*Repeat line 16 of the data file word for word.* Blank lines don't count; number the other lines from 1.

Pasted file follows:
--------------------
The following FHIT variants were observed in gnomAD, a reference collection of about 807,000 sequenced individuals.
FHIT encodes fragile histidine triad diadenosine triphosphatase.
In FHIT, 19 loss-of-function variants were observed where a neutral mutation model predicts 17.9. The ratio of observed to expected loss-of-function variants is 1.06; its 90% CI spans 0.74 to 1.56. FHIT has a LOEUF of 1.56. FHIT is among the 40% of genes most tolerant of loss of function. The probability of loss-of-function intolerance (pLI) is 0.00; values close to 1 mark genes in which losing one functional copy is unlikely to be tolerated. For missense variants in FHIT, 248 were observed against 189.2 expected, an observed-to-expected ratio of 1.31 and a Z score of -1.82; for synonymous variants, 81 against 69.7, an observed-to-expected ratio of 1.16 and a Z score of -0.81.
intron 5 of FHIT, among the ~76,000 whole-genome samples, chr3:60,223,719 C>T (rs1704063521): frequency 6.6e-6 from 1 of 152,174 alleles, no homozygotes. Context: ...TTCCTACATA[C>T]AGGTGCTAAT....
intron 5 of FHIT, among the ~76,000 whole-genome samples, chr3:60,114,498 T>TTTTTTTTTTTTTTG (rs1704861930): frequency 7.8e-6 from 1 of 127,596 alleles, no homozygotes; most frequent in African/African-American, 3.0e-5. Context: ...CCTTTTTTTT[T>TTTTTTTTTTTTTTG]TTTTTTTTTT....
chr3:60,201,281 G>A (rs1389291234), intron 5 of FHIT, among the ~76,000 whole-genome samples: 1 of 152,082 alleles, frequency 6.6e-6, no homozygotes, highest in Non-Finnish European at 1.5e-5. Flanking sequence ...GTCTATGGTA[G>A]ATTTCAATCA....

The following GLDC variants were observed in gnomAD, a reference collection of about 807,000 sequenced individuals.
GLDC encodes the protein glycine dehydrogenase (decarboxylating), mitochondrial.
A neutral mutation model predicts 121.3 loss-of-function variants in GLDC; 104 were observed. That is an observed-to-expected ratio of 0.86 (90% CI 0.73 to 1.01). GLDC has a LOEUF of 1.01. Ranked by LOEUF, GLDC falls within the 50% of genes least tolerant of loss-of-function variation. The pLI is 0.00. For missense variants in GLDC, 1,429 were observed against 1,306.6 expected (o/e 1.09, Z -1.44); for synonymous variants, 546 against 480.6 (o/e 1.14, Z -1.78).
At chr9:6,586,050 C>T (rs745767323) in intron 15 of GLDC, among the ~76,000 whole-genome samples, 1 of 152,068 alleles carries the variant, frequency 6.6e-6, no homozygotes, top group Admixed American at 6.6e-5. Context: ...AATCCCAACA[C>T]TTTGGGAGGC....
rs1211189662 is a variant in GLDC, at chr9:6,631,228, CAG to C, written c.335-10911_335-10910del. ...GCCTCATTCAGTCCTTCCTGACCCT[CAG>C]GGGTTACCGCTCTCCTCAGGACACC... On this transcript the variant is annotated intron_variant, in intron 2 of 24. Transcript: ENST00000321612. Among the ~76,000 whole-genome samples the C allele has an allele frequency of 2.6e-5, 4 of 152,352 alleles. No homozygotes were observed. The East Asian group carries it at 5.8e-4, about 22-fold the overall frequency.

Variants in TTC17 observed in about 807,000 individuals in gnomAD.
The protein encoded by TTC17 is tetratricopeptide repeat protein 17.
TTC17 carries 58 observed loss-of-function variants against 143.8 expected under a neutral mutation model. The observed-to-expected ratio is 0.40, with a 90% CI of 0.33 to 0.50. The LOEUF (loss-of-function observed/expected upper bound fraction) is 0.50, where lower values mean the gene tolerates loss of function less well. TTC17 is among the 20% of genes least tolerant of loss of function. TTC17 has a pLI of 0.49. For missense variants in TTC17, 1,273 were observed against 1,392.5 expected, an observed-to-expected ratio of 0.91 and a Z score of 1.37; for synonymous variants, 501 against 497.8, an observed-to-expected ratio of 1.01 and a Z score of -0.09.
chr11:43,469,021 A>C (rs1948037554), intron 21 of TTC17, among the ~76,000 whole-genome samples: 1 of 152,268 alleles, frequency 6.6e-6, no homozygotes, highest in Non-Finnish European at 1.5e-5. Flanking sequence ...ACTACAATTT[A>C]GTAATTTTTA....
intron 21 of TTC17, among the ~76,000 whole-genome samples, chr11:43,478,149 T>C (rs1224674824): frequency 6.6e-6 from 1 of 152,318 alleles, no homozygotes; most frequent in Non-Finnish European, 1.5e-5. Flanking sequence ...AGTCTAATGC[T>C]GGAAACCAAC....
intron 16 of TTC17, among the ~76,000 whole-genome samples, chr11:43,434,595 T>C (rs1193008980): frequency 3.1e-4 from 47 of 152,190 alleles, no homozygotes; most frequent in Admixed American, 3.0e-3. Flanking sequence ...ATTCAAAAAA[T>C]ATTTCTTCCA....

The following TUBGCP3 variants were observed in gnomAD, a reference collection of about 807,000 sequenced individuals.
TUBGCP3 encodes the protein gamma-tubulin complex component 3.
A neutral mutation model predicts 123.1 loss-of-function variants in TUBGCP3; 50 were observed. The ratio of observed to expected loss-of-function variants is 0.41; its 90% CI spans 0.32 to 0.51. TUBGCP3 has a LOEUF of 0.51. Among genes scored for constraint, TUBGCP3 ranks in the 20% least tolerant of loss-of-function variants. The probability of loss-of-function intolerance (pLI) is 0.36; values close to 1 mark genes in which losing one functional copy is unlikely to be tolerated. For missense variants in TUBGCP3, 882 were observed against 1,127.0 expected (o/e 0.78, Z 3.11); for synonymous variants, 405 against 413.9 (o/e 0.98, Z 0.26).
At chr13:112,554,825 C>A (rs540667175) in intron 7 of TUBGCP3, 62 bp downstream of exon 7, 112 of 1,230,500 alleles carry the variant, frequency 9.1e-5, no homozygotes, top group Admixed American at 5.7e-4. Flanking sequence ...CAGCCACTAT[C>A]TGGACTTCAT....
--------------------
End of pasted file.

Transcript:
intron 21 of TTC17, among the ~76,000 whole-genome samples, chr11:43,478,149 T>C (rs1224674824): frequency 6.6e-6 from 1 of 152,318 alleles, no homozygotes; most frequent in Non-Finnish European, 1.5e-5. Flanking sequence ...AGTCTAATGC[T>C]GGAAACCAAC....